Bouri Formation

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This article is about the Ethiopian area rich in hominini remains. For the Libyan offshore oil field, see Bouri Field.
Location of the Bouri Formation and the Afar Triangle (Afar Depression), Ethiopia

The Bouri Formation is a sequence of sedimentary deposits that is the source of australopithecine and Homo (that is, hominin) fossils, artifacts, and bones of large mammals with cut marks from butchery with tools by early hominins. It is located in the Middle Awash Valley, in Ethiopia, East Africa, and is a part of the Afar Depression that has provided rich human fossil sites such as Gona and Hadar.

The Bouri Formation stretches down much of the length and breadth of the Bouri "peninsula", which projects across the dry bed of the Afar Depression. The Formation is sufficiently eroded to expose three geological members or layers: the Hatayae, the Dakanihylo, and the Herto. Human remains with signs of having been prepared for burial have been found in the Upper Herto layers.


The Bouri "peninsula" is a geological fault-raised horst that diverts the Awash River, forming a partial dam and creating Lake Yardi; and it contains the Bouri Formation. The peninsula is about 4 km wide by 10 km long, and lies in a NNW-SSE direction in the Quaternary-period rift zone in the southern part of the Afar Depression (Afar Triangle).

The Bouri Formation is a sediment area some 80 m thick that stretches down much of the length and breath of the peninsula. The formation consists of three geological units, called members, from which fossils and artifacts of different periods of human evolution have been excavated. They are: the lowest member, named Hatayae, or the Hata, dated to 2.5 millions of years ago (mya)—and in which fossils of Australopithecus garhi were found; the Dakanihylo, or Daka, member, one (1) mya—fossils of Homo erectus were found; and the Herto member, Lower layer at 260 kya, and Upper layers at 160 to 154 kya—fossils of Homo sapiens idaltu were found.[1][2][3][4]

The area is important because active tectonics in the Afar Depression created varying habitats for early hominins across the most recent few million years known informally as the Plio-Pleistocene. These habitats, laid down in sedimentary rocks, have since been uplifted, which allowed their erosion over time and their accessibility today to paleoanthropologists.[2] Volcanic eruptions have left volcanic tuff layers that enable accurate dating of the sedimentary deposits via Argon–argon dating.


The Hatayae layer is 40 m thick at its base and is composed of variegated silt clay and paleosols, zeolitic and bentonitic tuffs, carbonates that are pedogenic, sandstone with bivalve and gastropod shells, and mudstone. It was deposited in a floodplain alongside river delta channels and a shallow fluctuating lake dated to around 2.5 mya.[2]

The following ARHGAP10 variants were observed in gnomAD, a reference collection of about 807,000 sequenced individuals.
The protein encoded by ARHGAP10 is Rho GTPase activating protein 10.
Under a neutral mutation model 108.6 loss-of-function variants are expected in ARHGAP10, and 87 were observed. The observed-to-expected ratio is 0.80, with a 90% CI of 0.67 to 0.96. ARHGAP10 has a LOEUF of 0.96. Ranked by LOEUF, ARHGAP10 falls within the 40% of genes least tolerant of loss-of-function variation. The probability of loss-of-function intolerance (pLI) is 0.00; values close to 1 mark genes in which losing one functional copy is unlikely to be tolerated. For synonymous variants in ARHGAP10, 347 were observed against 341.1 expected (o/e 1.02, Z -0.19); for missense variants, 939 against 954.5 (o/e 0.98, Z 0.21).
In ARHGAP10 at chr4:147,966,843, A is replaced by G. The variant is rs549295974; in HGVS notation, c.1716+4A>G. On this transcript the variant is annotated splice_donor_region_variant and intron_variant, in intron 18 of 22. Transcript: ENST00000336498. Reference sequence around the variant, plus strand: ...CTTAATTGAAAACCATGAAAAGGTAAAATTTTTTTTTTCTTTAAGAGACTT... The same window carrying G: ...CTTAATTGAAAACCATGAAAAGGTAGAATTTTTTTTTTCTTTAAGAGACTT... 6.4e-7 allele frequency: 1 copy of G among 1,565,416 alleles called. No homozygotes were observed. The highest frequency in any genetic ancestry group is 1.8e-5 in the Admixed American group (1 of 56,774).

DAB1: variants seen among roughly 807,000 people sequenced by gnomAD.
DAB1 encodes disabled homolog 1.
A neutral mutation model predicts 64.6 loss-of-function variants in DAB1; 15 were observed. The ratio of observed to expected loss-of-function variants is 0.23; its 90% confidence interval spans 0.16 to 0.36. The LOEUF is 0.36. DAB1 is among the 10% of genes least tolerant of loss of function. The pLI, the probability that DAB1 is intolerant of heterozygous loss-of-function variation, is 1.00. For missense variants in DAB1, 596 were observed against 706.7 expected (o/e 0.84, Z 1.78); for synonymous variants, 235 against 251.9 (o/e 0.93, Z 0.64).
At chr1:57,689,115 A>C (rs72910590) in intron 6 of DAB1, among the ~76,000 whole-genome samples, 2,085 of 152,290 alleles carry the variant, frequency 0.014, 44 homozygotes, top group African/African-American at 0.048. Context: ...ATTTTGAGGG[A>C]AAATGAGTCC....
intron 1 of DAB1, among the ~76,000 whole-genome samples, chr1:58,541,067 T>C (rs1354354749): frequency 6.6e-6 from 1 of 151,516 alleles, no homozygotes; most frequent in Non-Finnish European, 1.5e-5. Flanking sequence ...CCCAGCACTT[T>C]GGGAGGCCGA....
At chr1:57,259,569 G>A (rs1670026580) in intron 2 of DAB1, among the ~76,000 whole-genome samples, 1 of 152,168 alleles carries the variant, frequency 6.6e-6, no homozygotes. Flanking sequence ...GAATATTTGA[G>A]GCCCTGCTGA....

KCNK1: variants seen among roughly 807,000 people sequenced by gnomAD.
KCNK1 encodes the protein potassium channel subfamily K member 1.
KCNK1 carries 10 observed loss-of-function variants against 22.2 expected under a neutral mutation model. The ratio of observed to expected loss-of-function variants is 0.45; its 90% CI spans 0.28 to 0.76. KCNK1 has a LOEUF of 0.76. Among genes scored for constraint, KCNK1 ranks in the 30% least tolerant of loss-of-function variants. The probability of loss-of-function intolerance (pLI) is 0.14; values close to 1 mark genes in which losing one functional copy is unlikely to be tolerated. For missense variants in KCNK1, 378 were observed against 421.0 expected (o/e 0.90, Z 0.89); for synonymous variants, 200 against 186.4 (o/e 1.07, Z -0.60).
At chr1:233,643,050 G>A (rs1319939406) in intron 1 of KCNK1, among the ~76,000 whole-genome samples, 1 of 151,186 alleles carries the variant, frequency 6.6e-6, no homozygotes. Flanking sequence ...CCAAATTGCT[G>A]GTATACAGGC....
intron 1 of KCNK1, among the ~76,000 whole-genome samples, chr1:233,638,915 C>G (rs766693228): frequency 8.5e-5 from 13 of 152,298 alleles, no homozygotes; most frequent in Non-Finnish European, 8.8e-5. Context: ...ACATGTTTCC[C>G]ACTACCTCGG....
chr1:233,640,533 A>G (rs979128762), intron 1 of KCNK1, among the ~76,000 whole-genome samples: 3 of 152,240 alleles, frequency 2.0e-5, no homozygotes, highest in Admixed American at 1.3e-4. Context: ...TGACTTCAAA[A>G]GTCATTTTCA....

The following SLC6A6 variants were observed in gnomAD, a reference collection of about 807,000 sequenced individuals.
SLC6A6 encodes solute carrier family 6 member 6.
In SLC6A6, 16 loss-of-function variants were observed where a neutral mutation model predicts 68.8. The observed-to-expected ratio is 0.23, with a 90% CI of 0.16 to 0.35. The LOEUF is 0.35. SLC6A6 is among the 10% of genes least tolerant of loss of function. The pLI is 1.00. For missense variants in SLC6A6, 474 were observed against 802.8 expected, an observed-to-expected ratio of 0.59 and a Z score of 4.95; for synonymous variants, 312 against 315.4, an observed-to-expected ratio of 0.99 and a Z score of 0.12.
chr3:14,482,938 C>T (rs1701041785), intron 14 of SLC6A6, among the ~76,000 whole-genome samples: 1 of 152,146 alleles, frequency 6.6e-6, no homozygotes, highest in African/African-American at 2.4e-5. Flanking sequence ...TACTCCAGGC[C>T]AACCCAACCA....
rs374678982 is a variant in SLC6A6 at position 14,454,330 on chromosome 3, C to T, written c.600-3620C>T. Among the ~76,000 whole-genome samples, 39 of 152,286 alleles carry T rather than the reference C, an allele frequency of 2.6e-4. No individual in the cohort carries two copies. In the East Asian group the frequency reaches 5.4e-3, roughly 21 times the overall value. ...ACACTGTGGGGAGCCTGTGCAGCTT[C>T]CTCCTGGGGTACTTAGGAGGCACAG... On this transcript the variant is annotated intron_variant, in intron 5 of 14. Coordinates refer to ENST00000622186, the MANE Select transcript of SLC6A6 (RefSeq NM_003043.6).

In the Hatayae member have been found the remains of Australopithecus garhi, the most complete specimen of which is BOU-VP-12/130. According to Asfaw and White, et al. (1999), that species is "..descended from Australopithecus afarensis and is a candidate ancestor for early Homo."[3]

Excavations in general have failed to disclose large numbers of stone tools. The likely explanation is the lack of raw materials on lake margins, which, in turn, is likely due to the lack of streams strong enough to carry hand-sized pebbles and the absence of nearby outcrops of basalt.[2]

In spite of rarity, some isolated and widely scattered cores and flakes of Mode I technology have been found. The excavators (de Heinzelin, et al., 2002) report: "..our surveys and excavations have demonstrated that early hominids [hominins] were actively using stone tools on the Pliocene-Hata landscape"; and: "It is not currently possible to positively identify the creators of the earliest stone tools here or at Gona, even though A. garhi is currently the only recognized hominid [hominin] taxon recovered from Hata sediments."[2]

Existence of stone tools is also evidenced by bones of large mammals—such as alcelaphinae (Wildebeest related bovids) and Hipparion, an extinct genus of three-toed horse—that show butchery cut marks by hominins including those made in removing an animal’s tongue. "These are the earliest documented percussion marks made by hominids [hominins], who were presumably processing these bones for contained fatty marrow"; and, "These are the earliest documented cut marks made by hominids [hominins]."[2] As concluded by the excavators, the evidence from the site shows "..a major function of the earliest known tools was meat and marrow processing of large carcasses."[2] This pattern of butchery processing of large prey was maintained by hominins well into the Pliocene.


The Dakanihylo (Daka) layer is 22 to 45 m thick and composed of pumice sandstone that is cross-bedded; it is situated in the southern half of the Bouri horst and dated to 1 mya. Fossils found in the layer suggest open grassland—some 377 species of bovids (including three new species and two new genera); and water-margin habitats—species of Kobus antelope and abundant Hippopotamus.[4] Early Acheulean stone tools such as hand axes and cleavers have also been found in the Daka member, as well as evidence of butchery processing on equid, bovid and hippo bones.[4]